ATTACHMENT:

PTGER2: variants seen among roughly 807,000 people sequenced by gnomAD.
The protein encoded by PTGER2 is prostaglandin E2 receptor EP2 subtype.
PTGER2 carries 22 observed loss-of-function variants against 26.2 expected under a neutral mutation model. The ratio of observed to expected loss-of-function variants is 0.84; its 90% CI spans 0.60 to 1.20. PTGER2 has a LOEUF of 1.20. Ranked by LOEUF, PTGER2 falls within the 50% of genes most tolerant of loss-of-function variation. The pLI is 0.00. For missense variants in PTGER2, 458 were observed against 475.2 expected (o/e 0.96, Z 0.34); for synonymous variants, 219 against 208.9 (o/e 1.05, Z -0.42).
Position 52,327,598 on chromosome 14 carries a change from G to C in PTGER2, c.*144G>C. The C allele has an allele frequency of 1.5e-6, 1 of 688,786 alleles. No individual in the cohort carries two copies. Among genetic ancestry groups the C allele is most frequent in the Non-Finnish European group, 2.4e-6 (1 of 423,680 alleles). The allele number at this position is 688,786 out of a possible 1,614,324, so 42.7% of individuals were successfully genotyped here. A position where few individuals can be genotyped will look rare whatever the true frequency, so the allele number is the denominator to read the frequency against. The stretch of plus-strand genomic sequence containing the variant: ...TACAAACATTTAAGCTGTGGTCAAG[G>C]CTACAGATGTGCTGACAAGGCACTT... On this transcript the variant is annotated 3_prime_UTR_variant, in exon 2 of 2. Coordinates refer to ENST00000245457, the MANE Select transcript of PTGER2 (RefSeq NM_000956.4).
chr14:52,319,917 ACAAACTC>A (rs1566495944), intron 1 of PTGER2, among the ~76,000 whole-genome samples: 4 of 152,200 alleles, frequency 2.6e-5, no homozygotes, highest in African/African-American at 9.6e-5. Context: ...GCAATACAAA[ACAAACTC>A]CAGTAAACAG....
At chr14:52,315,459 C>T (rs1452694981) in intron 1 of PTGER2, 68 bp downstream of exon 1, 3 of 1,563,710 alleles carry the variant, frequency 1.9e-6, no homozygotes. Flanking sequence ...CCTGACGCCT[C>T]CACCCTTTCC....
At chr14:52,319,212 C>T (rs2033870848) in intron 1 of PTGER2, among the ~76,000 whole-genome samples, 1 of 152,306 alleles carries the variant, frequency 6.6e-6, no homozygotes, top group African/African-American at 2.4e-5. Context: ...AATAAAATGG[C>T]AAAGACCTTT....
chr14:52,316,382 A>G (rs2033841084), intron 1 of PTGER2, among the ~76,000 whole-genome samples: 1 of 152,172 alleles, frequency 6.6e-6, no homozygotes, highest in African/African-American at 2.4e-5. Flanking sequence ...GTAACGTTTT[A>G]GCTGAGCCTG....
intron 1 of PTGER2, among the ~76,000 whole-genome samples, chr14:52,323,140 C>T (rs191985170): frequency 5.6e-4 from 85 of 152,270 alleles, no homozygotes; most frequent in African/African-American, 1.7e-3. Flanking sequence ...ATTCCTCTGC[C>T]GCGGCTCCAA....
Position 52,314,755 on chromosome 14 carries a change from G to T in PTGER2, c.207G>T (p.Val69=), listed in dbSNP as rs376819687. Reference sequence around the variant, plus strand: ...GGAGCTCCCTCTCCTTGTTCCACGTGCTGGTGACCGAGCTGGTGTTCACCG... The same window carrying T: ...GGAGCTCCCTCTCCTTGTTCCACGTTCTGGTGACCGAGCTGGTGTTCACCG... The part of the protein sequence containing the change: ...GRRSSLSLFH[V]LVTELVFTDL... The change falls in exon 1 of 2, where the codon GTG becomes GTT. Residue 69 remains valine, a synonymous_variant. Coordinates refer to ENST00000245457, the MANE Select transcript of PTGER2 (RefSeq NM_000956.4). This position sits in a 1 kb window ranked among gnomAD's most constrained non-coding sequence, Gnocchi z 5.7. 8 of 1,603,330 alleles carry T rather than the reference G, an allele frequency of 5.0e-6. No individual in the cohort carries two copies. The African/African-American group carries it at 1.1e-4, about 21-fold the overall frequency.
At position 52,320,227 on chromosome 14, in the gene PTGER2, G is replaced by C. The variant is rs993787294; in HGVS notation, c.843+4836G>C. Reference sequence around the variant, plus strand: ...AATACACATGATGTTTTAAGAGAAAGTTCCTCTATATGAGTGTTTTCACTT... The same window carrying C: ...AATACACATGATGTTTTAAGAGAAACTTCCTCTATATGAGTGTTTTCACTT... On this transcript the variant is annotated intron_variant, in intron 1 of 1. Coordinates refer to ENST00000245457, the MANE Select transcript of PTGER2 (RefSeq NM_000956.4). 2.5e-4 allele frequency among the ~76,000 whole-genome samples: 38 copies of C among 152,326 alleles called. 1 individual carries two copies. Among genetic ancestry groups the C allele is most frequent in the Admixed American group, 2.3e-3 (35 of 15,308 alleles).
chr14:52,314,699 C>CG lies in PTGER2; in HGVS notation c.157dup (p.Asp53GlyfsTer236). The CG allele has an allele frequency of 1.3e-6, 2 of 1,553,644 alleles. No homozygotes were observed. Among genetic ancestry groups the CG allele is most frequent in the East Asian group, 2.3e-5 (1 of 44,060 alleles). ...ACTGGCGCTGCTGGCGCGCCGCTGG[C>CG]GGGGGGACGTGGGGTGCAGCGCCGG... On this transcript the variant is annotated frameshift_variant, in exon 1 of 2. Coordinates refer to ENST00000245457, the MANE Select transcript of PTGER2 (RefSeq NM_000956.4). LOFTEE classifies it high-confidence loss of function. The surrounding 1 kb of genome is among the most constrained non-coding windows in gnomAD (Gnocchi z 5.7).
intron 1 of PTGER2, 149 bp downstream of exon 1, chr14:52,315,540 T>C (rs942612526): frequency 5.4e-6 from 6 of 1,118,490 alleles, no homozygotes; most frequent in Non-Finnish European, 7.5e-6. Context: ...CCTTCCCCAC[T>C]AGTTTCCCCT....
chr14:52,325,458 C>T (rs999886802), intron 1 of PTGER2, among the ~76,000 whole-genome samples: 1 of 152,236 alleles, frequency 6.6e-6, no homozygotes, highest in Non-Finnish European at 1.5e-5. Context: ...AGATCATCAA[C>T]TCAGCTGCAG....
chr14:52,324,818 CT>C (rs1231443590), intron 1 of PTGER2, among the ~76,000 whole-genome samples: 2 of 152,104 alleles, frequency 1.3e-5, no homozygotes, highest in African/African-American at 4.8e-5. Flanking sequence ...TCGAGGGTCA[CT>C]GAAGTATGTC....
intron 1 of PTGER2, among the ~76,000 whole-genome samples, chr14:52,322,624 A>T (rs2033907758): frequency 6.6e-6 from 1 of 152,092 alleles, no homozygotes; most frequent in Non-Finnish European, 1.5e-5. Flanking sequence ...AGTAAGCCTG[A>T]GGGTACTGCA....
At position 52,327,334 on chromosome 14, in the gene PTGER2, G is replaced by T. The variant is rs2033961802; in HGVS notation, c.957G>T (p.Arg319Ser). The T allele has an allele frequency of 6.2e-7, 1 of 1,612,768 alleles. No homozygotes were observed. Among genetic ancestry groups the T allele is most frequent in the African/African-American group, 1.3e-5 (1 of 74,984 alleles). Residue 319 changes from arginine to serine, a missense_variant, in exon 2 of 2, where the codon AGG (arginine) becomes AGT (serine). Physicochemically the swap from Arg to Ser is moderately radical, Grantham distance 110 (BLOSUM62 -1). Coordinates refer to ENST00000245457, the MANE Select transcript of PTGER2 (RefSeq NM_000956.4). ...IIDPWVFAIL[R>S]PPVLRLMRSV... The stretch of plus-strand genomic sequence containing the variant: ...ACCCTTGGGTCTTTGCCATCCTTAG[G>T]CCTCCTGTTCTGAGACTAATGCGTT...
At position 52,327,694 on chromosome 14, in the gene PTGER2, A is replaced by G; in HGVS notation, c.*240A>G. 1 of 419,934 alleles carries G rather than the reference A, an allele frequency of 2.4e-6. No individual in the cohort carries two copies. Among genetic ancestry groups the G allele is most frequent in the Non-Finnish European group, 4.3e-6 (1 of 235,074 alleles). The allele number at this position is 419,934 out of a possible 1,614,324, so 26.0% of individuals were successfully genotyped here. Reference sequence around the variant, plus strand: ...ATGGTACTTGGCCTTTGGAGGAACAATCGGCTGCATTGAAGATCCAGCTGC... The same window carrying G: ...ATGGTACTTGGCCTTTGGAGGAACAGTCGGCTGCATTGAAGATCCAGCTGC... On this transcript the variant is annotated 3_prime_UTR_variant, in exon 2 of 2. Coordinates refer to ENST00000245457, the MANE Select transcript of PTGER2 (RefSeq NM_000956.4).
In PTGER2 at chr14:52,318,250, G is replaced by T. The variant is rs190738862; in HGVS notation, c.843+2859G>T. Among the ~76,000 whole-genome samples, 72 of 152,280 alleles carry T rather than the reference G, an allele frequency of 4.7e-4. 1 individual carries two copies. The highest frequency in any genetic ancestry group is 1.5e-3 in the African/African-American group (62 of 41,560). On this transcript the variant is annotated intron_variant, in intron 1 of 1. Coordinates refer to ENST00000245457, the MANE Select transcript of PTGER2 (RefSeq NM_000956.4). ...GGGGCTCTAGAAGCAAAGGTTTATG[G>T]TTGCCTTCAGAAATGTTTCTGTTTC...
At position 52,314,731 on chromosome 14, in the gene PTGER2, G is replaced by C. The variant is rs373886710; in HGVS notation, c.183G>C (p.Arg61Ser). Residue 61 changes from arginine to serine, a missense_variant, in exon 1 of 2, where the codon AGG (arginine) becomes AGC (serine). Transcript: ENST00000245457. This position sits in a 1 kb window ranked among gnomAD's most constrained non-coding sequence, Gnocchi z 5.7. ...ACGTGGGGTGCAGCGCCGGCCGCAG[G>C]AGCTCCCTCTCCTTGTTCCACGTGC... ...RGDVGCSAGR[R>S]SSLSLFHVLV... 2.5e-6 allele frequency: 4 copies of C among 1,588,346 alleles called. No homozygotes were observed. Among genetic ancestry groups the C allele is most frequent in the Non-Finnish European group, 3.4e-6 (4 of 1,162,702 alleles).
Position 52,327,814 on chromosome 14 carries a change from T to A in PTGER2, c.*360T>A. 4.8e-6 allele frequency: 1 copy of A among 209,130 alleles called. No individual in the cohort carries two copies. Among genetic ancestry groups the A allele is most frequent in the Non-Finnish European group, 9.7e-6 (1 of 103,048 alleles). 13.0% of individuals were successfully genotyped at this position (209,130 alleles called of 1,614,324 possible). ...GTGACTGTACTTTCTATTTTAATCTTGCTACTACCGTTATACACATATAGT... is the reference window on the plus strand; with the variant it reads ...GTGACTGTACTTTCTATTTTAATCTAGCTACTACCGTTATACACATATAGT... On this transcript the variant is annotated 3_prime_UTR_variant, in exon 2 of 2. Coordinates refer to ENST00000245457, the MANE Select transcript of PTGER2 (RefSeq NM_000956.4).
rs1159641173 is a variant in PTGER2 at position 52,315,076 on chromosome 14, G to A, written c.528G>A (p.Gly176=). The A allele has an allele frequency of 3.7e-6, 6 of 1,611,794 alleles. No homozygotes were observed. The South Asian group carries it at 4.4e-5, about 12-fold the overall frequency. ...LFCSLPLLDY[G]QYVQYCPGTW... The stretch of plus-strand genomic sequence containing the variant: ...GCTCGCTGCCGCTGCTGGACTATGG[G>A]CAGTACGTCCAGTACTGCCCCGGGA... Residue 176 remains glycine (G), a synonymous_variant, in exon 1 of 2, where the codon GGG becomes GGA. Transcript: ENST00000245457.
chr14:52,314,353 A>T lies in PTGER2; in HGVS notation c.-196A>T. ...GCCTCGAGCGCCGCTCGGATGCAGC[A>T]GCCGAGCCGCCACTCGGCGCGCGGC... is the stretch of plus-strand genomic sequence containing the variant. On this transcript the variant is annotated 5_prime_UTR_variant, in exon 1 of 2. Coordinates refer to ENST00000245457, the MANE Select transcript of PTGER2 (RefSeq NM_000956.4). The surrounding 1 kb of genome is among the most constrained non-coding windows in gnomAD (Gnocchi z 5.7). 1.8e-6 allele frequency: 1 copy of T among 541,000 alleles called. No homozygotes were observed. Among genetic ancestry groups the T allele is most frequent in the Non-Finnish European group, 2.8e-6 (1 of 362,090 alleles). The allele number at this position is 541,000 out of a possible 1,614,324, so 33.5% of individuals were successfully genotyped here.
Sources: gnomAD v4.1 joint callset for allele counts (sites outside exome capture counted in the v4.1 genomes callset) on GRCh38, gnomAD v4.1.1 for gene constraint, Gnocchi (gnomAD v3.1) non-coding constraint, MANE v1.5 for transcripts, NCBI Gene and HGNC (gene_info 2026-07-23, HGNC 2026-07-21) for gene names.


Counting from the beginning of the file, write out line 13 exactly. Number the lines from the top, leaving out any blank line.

intron 1 of PTGER2, 149 bp downstream of exon 1, chr14:52,315,540 T>C (rs942612526): frequency 5.4e-6 from 6 of 1,118,490 alleles, no homozygotes; most frequent in Non-Finnish European, 7.5e-6. Context: ...CCTTCCCCAC[T>C]AGTTTCCCCT....